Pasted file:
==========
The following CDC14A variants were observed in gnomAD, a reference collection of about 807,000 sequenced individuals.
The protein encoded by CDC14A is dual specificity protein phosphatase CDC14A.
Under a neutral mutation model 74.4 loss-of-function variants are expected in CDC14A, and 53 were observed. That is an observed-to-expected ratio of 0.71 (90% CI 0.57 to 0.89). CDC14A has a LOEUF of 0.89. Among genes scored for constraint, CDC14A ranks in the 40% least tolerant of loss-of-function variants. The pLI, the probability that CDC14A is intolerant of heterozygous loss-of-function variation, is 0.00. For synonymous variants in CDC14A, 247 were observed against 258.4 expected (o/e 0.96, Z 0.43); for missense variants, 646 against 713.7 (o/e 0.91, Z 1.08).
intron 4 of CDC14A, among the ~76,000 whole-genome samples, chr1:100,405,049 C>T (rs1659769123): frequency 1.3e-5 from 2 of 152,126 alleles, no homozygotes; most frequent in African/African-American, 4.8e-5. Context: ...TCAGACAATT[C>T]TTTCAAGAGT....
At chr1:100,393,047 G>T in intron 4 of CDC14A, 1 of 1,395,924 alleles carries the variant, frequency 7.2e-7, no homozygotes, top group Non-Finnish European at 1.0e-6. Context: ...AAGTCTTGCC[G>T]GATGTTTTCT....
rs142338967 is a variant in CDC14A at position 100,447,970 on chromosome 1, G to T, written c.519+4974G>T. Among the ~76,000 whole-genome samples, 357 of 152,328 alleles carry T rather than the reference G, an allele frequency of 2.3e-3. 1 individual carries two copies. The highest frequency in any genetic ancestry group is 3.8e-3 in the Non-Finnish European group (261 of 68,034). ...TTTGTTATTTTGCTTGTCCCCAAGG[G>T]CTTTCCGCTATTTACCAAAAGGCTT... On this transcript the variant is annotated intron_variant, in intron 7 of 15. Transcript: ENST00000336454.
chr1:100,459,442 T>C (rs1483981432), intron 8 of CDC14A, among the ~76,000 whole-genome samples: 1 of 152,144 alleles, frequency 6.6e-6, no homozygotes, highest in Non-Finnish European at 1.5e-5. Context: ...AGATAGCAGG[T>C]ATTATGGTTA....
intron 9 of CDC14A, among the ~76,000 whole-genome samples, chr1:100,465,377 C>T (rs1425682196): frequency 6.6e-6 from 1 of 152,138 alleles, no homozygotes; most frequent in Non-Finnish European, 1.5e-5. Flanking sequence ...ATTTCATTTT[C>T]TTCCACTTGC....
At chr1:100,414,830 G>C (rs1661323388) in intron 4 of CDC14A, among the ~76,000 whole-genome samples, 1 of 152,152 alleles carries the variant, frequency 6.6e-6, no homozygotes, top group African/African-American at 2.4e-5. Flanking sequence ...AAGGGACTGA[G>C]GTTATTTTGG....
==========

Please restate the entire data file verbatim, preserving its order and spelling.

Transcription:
The following CDC14A variants were observed in gnomAD, a reference collection of about 807,000 sequenced individuals.
The protein encoded by CDC14A is dual specificity protein phosphatase CDC14A.
Under a neutral mutation model 74.4 loss-of-function variants are expected in CDC14A, and 53 were observed. That is an observed-to-expected ratio of 0.71 (90% CI 0.57 to 0.89). CDC14A has a LOEUF of 0.89. Among genes scored for constraint, CDC14A ranks in the 40% least tolerant of loss-of-function variants. The pLI, the probability that CDC14A is intolerant of heterozygous loss-of-function variation, is 0.00. For synonymous variants in CDC14A, 247 were observed against 258.4 expected (o/e 0.96, Z 0.43); for missense variants, 646 against 713.7 (o/e 0.91, Z 1.08).
intron 4 of CDC14A, among the ~76,000 whole-genome samples, chr1:100,405,049 C>T (rs1659769123): frequency 1.3e-5 from 2 of 152,126 alleles, no homozygotes; most frequent in African/African-American, 4.8e-5. Context: ...TCAGACAATT[C>T]TTTCAAGAGT....
At chr1:100,393,047 G>T in intron 4 of CDC14A, 1 of 1,395,924 alleles carries the variant, frequency 7.2e-7, no homozygotes, top group Non-Finnish European at 1.0e-6. Context: ...AAGTCTTGCC[G>T]GATGTTTTCT....
rs142338967 is a variant in CDC14A at position 100,447,970 on chromosome 1, G to T, written c.519+4974G>T. Among the ~76,000 whole-genome samples, 357 of 152,328 alleles carry T rather than the reference G, an allele frequency of 2.3e-3. 1 individual carries two copies. The highest frequency in any genetic ancestry group is 3.8e-3 in the Non-Finnish European group (261 of 68,034). ...TTTGTTATTTTGCTTGTCCCCAAGG[G>T]CTTTCCGCTATTTACCAAAAGGCTT... On this transcript the variant is annotated intron_variant, in intron 7 of 15. Transcript: ENST00000336454.
chr1:100,459,442 T>C (rs1483981432), intron 8 of CDC14A, among the ~76,000 whole-genome samples: 1 of 152,144 alleles, frequency 6.6e-6, no homozygotes, highest in Non-Finnish European at 1.5e-5. Context: ...AGATAGCAGG[T>C]ATTATGGTTA....
intron 9 of CDC14A, among the ~76,000 whole-genome samples, chr1:100,465,377 C>T (rs1425682196): frequency 6.6e-6 from 1 of 152,138 alleles, no homozygotes; most frequent in Non-Finnish European, 1.5e-5. Flanking sequence ...ATTTCATTTT[C>T]TTCCACTTGC....
At chr1:100,414,830 G>C (rs1661323388) in intron 4 of CDC14A, among the ~76,000 whole-genome samples, 1 of 152,152 alleles carries the variant, frequency 6.6e-6, no homozygotes, top group African/African-American at 2.4e-5. Flanking sequence ...AAGGGACTGA[G>C]GTTATTTTGG....